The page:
You can also refer to the Credit for Prior Learning System which outlines the credit that may be granted towards a Deakin University degree.

How to apply

Some courses are available in Trimester 2 and 3 2016. Check our Midyear entry and Trimester 3 pages to see if direct applications are open for this course.

Applications for Trimester 2 and Trimester 3 must be made directly to the University through the Applicant Portal. For information on the application process and closing dates, see the Apply web page. Please note that closing dates may vary for individual courses.

Workload

As a student in the Faculty of Health you can expect to participate in a range of teaching activities each week. This could include classes, seminars, practicals and on-line interaction. You can refer to the individual unit details in the course structure for more information. You will also need to study and complete assessment tasks in your own time.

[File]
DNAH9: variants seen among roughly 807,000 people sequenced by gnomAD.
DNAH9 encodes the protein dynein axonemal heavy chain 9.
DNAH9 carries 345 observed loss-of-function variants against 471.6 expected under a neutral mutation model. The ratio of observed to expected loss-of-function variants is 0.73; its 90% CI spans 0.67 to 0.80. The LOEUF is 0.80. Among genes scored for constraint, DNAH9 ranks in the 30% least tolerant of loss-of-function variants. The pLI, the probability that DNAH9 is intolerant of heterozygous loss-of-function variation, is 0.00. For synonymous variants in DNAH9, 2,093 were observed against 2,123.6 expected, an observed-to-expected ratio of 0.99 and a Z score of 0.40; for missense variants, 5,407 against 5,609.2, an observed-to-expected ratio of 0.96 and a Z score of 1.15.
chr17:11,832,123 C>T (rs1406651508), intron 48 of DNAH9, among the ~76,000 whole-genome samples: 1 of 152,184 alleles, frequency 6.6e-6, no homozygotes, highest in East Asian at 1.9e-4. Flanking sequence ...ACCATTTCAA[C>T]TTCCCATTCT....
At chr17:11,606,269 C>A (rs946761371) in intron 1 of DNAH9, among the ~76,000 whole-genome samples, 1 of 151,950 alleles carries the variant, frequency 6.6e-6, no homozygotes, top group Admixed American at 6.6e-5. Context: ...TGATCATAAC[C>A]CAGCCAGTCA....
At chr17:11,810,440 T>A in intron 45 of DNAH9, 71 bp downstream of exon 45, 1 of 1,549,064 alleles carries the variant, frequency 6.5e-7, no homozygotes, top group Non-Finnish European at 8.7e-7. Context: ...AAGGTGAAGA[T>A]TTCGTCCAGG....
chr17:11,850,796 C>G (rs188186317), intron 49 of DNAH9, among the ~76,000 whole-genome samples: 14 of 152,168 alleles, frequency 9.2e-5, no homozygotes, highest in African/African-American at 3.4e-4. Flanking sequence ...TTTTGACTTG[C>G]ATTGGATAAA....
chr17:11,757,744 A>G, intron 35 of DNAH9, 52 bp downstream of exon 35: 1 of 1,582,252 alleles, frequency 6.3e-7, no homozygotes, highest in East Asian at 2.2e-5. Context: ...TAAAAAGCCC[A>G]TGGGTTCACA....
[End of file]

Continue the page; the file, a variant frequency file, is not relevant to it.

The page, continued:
Work experience

Work Integrated Learning

Work integrated learning is a core feature of this course, and is embedded within all units, which includes assignments that replicate work in the field. Another feature of this course is the capstone experience, a 120-hour field education placement that provides you with an opportunity to transfer your knowledge and skills to a practical setting, where you can further your learning through realistic field experience. These placements enable you to consolidate your skills under the supervision of qualified practitioners, which assists you to be work-ready after graduation.